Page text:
(Bloomberg) -- President Vladimir Putin has told the United Nations atomic agency that Russia plans to restart the Zaporizhzhia nuclear plant in southeast Ukraine, which its troops have occupied for two years, the Wall Street Journal reported. 

The move could further flared the risks of an incident at Europe’s biggest atomic power station. 

In recent months, the Vienna-based International Atomic Energy Agency has received technical reports from its small team of inspectors at the plant suggesting Russia is looking to bring at least one reactor at Zaporizhzhia back into operation, the newspaper reported. 

A European diplomat who wasn’t identified said Russia may aim to do so in time for the 40th anniversary of the plant’s December 1984 connection to the Soviet Union’s electrical grid. 

Restarting a reactor at Zaporizhzhia would be a technical challenge and symbolic milestone for Russia, normalizing its illegal seizure of a plant that provided about a fifth of Ukraine’s electricity before 2022. 

Read more: Ukraine Nuclear-Plant Attacks Prompt Emergency Watchdog Meeting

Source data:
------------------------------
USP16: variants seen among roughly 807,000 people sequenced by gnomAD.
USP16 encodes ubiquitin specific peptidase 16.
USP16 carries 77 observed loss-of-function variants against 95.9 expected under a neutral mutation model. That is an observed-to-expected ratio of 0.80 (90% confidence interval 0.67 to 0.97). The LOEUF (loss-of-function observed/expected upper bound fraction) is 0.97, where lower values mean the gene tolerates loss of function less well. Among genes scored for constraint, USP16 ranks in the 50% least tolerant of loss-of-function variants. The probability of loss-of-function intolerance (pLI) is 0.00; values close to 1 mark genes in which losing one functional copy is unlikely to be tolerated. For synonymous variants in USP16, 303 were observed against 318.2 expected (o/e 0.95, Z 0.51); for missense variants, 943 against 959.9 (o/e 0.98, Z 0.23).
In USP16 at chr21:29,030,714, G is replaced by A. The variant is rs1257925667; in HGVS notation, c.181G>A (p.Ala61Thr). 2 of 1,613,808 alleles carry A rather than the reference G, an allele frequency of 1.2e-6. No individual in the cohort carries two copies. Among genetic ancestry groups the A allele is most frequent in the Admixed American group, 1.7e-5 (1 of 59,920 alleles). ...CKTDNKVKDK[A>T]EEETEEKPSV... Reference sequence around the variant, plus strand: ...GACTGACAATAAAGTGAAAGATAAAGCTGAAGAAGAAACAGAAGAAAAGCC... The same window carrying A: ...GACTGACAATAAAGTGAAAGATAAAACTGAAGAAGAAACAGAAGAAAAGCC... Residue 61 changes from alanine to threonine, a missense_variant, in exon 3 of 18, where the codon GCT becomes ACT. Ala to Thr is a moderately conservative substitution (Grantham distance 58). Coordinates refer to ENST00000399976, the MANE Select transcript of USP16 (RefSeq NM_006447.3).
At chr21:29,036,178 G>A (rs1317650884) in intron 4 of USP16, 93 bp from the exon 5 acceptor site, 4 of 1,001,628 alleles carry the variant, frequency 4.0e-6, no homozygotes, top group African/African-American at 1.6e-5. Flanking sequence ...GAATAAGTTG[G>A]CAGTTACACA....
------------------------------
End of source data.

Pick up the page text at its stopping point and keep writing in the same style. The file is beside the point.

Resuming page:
Five of the plant’s six reactors are currently off line — a so-called cold shutdown. The sixth, in a hot shutdown, runs just warm enough to produce steam the plant needs for basic safety operations. 

Bringing even one reactor back online would mean raising the core temperature by hundreds of degrees Fahrenheit while a skeletal crew checks a labyrinth of pipes, pumps and valves for leaks.

Experts question whether the inflow of water to the plant is sufficient to cool an active reactor following last year’s destruction of a nearby dam, the WSJ reported.   

The IAEA this week held an emergency meeting to discuss the increasing risk of an accident at a plant after a string of armed drone assaults on the site, which Ukraine and Russia blame on each other.

Drone strikes on April 7 and April 9 hit the side of a reactor building and appeared to target communication links, according to monitors stationed at the plant. 

©2024 Bloomberg L.P.